10

I want to pass one extra argument to printf and print it twice, e.g.

printf("%s%s","somestring");       // prints somestringsomestring

Is there any way to do this?

  • 2
  • 2
    In ISO C you would need to use a variable (or a varargs list) to hold the value, and then specify it twice in the arguments list – M.M May 26 '17 at 2:16
  • Is there practical need for this or this is theoretical question? – i486 May 26 '17 at 12:52
17

If you are on Linux or some other UNIX like system, you can use $ to specify the argument number:

printf("%1$s%1$s\n", "hello");

In this example, 1$ means "use the first argument". We also use this syntax multiple times so we can use a given argument more that once.

The Linux man page for printf gives more details:

The arguments must correspond properly (after type promotion) with the conversion specifier. By default, the arguments are used in the order given, where each '*' and each conversion specifier asks for the next argument (and it is an error if insufficiently many arguments are given). One can also specify explicitly which argument is taken, at each place where an argument is required, by writing "%m$" instead of '%' and "m$" instead of '', where the decimal integer m denotes the position in the argument list of the desired argument, indexed starting from 1. Thus,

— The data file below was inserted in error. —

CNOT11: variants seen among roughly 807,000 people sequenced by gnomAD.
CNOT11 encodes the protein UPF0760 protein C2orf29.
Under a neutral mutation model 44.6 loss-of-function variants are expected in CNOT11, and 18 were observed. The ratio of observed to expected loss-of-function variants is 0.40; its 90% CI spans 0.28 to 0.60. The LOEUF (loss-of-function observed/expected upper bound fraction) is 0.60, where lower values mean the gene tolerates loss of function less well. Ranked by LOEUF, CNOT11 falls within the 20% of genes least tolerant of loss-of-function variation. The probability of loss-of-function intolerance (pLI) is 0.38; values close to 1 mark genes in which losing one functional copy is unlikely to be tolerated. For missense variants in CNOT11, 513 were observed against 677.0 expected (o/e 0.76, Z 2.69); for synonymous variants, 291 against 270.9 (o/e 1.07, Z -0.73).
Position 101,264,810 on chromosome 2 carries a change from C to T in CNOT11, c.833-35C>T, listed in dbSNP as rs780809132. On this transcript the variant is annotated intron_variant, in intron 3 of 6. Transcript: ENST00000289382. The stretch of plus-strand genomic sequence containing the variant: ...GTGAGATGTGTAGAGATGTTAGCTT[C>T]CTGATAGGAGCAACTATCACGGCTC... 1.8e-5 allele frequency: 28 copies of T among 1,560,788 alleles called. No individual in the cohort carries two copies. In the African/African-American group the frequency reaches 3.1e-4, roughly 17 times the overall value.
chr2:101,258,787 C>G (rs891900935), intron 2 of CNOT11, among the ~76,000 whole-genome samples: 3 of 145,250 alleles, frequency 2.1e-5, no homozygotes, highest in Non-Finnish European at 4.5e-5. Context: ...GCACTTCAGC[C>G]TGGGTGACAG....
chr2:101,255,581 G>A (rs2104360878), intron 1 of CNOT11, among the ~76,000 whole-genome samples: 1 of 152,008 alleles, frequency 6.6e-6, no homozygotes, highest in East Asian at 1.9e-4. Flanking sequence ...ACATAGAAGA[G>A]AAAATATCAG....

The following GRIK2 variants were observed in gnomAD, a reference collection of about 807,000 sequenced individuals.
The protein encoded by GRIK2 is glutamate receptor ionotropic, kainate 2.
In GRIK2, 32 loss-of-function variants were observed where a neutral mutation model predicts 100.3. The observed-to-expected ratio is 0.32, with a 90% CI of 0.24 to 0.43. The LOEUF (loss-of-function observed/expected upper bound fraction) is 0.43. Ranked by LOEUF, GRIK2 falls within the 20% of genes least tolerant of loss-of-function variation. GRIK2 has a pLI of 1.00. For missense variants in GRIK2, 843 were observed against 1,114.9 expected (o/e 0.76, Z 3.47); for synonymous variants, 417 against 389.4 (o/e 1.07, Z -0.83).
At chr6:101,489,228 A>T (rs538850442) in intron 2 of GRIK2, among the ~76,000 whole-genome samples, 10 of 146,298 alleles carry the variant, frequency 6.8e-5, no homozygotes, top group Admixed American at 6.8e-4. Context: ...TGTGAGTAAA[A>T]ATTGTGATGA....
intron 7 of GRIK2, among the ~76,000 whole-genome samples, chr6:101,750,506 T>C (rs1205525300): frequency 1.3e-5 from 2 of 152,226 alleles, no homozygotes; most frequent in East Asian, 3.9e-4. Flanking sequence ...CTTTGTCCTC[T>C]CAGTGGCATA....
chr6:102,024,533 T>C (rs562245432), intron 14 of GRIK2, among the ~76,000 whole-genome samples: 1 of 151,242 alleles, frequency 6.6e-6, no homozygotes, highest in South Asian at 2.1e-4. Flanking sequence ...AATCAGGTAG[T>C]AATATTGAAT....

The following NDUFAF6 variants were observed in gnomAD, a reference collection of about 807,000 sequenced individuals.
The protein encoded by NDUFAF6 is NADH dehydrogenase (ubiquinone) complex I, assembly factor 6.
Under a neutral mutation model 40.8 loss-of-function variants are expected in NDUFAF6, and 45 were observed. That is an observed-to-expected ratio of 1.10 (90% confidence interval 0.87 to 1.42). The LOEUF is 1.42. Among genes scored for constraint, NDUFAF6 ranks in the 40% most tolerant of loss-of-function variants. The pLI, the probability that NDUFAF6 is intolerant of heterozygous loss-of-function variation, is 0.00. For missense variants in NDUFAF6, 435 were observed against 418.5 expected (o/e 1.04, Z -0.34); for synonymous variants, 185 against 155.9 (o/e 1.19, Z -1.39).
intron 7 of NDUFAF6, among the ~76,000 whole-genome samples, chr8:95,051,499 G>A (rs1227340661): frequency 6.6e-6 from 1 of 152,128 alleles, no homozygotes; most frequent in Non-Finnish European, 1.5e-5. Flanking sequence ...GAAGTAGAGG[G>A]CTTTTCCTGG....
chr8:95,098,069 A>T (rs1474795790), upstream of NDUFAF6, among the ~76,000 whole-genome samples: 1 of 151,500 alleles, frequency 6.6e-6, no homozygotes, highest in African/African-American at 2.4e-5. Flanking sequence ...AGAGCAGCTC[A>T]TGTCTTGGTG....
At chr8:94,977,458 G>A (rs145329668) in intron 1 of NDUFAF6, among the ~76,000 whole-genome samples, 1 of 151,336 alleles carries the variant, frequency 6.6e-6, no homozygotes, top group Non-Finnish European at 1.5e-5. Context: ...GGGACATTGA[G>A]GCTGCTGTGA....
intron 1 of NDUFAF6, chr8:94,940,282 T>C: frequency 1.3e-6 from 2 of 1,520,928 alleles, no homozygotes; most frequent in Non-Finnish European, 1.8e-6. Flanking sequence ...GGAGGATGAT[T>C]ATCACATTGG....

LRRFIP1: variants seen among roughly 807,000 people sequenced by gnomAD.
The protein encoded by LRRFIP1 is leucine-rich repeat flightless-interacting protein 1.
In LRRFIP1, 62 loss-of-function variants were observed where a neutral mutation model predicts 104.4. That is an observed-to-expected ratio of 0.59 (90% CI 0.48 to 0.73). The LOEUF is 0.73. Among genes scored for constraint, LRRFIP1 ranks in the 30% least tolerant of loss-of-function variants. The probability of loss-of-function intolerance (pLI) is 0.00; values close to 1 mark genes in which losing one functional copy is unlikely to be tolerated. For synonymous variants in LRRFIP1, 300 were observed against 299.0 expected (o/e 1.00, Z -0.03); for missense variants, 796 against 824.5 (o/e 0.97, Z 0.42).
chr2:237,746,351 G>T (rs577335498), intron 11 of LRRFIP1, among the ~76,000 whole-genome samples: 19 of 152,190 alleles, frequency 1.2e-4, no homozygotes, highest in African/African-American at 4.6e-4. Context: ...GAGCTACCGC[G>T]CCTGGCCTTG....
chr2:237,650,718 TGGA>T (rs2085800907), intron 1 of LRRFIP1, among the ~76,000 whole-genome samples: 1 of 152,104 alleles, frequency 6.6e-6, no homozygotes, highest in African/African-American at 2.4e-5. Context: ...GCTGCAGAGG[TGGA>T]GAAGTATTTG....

printf("%*d", width, num);

and

printf("%2$*1$d", width, num);

are equivalent. The second style allows repeated references to the same argument. The C99 standard does not include the style using '$', which comes from the Single UNIX Specification. If the style using '$' is used, it must be used throughout for all conversions taking an argument and all width and precision arguments, but it may be mixed with "%%" formats which do not consume an argument. There may be no gaps in the numbers of arguments specified using '$'; for example, if arguments 1 and 3 are specified, argument 2 must also be specified somewhere in the format string.

  • Thanks very much. Will accept when the system lets me. – DEADBEEF May 26 '17 at 1:45
  • 6
    Just a note per man 3 printf: "The C99 standard does not include the style using '$', which comes from the Single UNIX Specification." – David C. Rankin May 26 '17 at 1:54
  • 4
    ^ in other words, this is a POSIX extension – M.M May 26 '17 at 2:15
  • Also, is there any way I could do printf("hello%s"); and have it print hellohello%s, e.g. print the 0th argument? 0$ is nonworking. – DEADBEEF May 26 '17 at 16:46
  • 1
    @0xBADC0DE No, that won't work. The format string is what defines what the following arguments are. It can't reference itself in that way. – dbush May 26 '17 at 16:50

Your Answer

By clicking “Post Your Answer”, you agree to our terms of service, privacy policy and cookie policy

Not the answer you're looking for? Browse other questions tagged or ask your own question.